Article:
Yup. I’ve been hunting since I was old enough to spell the word, hunted everything that’s walked or crawled in this locale. From a Daisy BB gun to a .50 BMG, I’ve run the gamut of hunting and military ordinance. Nothing in any of this has taken my fancy more than shooting primitive weapons, using good-old-fashioned black powder as fuel!
The day I bought my first Hawken-style rifle (a Lyman Trade Rifle, to be precise) I was smitten with dirtying my hands ramming patch and ball down a 32-inch octagonal barrel and squinting down buckhorn sights at… well, bucks! Later, I discovered conical bullets and saboted bullets, increasing my repertoire and versatility in the types of game I could hunt.
Shooting a “smokepole” isn’t for everyone. Least likely the young whom have to have everything NOW and can’t be bothered with taking the extra care and attention that a muzzleloader demands. Today, it’s all about high-capacity magazines and rate of fire that’s important to nimrods, not the experience of working close and personal with nature and a primitive firearm. Patience isn’t a virtue, any longer. It’s all about production. One needn’t feel any pride or happiness about what they do, just get the fucking job done! I’ve seen many hunters like that. No time to actually enjoy the hunt, just get it done as fast as possible, with the biggest caliber, so you can get home and start bragging about it.
My current rifle is a Hawken-style, Safari Arms .50 cal caplock, with a 1 in 48 inch-twist octagonal barrel. (See pic below, click to enlarge)
This little gem carries authority out where the bush is thick and the bucks are ornery. Granted, like most weapons of this type, it is not a tack-driving behemoth capable of reaching out to close to a mile to strike down a snoozing or unsuspecting deer or moose. A rifle of this design and barrel twist (the number of turns a bullet makes in the barrel rifling over a certain distance) is more consigned to the relatively meek 25-75 yard range. (Though I have taken rabbits at 100 yards and more) The 1 in 48-twist is considered a compromise between patched balls and conicals, the latter requiring a high rate of twist, where round balls like a slower one.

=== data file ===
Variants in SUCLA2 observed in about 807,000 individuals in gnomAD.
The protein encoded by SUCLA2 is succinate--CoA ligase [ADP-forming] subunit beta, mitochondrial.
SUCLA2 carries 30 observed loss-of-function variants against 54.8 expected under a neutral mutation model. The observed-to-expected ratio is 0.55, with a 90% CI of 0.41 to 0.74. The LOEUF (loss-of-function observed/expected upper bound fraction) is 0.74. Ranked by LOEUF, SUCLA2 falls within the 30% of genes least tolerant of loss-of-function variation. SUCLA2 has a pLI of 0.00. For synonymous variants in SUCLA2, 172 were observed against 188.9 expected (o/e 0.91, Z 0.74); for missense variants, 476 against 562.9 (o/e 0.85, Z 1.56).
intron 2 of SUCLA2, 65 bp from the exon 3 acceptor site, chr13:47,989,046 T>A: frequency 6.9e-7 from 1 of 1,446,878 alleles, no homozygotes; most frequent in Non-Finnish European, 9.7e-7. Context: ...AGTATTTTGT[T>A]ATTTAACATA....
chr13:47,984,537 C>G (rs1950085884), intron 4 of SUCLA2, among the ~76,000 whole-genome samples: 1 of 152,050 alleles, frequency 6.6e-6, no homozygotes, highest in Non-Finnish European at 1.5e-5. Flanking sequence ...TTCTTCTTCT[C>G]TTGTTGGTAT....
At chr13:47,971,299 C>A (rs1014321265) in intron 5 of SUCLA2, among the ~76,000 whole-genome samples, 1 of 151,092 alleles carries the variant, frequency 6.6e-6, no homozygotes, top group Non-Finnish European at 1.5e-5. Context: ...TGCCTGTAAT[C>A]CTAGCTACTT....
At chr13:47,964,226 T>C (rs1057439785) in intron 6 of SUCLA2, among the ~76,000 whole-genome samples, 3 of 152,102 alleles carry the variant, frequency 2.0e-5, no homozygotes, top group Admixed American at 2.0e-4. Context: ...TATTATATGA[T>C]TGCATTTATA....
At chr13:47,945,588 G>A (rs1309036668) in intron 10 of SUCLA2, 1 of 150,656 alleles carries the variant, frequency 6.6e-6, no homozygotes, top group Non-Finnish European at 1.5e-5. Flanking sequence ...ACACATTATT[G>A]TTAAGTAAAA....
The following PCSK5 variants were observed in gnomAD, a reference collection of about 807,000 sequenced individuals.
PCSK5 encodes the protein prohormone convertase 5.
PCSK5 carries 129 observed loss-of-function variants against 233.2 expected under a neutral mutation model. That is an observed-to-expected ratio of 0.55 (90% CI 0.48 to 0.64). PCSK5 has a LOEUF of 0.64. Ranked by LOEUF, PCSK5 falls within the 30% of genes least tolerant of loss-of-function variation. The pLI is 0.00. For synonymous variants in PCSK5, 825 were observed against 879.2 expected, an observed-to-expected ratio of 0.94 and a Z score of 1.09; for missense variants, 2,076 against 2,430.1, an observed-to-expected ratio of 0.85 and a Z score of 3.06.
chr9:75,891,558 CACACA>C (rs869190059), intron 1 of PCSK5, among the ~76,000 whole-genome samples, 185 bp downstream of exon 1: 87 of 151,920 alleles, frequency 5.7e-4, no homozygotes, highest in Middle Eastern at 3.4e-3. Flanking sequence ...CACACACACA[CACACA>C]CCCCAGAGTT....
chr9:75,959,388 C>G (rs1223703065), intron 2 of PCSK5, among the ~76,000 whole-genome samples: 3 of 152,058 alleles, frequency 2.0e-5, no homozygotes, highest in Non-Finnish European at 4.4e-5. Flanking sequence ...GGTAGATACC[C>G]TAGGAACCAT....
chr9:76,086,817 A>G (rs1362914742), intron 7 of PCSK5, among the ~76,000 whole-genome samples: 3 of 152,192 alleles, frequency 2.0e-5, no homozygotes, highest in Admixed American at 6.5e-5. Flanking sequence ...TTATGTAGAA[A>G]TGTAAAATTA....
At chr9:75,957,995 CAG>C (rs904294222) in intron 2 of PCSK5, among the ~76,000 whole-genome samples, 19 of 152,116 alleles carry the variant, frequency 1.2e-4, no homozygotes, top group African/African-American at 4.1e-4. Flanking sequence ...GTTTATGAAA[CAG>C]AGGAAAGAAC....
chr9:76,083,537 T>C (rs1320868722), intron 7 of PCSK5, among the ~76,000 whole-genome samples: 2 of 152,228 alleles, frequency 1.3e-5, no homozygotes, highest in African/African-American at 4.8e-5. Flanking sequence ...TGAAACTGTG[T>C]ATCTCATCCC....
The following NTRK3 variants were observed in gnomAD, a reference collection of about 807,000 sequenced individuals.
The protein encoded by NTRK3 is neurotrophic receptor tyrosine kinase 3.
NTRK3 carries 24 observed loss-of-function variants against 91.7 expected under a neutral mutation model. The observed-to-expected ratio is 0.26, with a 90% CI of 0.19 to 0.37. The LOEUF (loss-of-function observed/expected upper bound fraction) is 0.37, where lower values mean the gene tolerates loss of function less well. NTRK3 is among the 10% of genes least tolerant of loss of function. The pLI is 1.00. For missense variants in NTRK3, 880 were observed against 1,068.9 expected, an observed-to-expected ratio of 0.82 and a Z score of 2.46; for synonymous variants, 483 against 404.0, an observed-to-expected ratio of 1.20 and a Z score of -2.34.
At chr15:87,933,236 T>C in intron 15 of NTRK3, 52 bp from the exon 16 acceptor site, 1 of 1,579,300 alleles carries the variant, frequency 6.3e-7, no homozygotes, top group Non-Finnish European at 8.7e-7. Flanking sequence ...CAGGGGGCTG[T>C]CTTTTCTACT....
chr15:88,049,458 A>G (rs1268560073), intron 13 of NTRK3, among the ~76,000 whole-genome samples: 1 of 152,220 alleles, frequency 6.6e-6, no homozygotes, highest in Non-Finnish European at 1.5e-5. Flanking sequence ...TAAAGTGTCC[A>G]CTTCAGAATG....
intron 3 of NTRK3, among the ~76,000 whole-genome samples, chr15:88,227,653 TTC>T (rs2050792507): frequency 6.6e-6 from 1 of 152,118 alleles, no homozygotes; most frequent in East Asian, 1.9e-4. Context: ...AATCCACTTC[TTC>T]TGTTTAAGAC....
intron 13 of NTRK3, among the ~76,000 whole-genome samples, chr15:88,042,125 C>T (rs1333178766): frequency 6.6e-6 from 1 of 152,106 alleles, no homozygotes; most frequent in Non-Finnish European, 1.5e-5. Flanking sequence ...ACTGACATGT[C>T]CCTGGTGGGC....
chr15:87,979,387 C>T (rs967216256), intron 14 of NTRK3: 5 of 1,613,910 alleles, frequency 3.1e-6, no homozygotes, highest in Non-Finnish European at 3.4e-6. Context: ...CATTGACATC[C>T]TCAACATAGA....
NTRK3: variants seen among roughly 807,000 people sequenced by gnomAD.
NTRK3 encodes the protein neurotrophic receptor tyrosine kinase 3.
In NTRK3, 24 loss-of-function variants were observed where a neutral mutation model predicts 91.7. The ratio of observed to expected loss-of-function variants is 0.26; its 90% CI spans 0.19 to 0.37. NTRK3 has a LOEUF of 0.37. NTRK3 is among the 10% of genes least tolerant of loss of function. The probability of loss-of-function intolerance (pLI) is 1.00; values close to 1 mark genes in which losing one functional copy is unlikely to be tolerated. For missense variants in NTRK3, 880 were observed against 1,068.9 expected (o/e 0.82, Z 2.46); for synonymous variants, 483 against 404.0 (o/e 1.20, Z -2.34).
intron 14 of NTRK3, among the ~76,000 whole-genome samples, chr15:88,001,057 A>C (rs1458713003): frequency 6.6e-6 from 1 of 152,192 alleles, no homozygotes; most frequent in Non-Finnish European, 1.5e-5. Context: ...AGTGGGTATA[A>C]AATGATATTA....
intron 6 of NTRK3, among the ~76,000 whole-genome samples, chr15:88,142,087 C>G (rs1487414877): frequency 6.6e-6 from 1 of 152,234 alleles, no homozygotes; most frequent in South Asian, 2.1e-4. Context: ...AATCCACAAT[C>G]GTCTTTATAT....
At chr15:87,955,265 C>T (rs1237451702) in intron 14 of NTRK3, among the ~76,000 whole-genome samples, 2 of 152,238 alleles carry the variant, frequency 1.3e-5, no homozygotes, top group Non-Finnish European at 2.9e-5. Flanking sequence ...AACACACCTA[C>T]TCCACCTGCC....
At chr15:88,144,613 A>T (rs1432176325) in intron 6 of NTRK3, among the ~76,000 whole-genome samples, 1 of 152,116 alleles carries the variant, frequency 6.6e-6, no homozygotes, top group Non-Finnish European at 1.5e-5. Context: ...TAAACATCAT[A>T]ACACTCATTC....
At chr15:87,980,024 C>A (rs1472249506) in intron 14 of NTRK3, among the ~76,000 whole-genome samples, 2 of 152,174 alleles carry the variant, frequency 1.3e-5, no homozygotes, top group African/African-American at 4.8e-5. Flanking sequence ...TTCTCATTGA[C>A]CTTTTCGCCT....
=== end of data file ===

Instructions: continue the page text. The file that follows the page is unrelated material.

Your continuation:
Ninety grains (by volume) of GOEX ffg black powder is a maximum load behind a conical, for this rifle. Tried 100 grains behind a 360 grain bullet and got a shattered cap and the hammer re-cocked itself! Shattered caps aren’t desirable when your eye is only a short distance away! Ninety grains seems the limit in terms of accuracy and safety. Using saboted 240 grain .44 cal bullets, 80 grains is recommended. Either way, whatever gets hit doesn’t go far… usually straight down in a heap!
The caplock action is visible, here, with hammer resting on silver nipple. After charging the barrel, the hammer is pulled back two notches (the first ‘click’ is a safety) and a small primer cap is placed over the nipple. The gun is ready to fire. This gun has two triggers, the rear one being a “set” trigger, which adjusts the front trigger for a lighter pull. This is referred to as a “hair trigger” in the fraternity. One merely “sets” the front trigger which is then used to fire the rifle. One can simply use the front trigger by itself, too. Either way, it’s the front trigger that discharges the weapon.
I’ve negated the entire loading process for brevity, as it is convoluted in terms of modern shooting procedure. No cartridges, just powder and ball (bullet) loaded separately, from the muzzle, (hence the term “muzzleloader”) cap the nipple and let fly. The resulting smoke and noise is gratifying all on it’s own! Cleaning, however, is mandatory, and the sooner the better. Black powder plays hell with metal, rust being a common feature in neglected bores. Believe me, you are in for a world of hurt if you let these babies go in terms of proper and prompt maintenance. Least case scenario, you’ll end up with a fucked-up barrel that’ll never shoot straight. They are heavy enough to use as a club, though, if you are able to run down your game.
This rifle, in the right hands, will take down most anything worth eating on this continent. With some practice, one can load one of these in under a minute. The rewards are in using a weapon that helped open up the frontier, you’re holding a piece of our history in your hands when you shoulder a muzzleloader. Fair warning: if you try it, you’ll be smitten!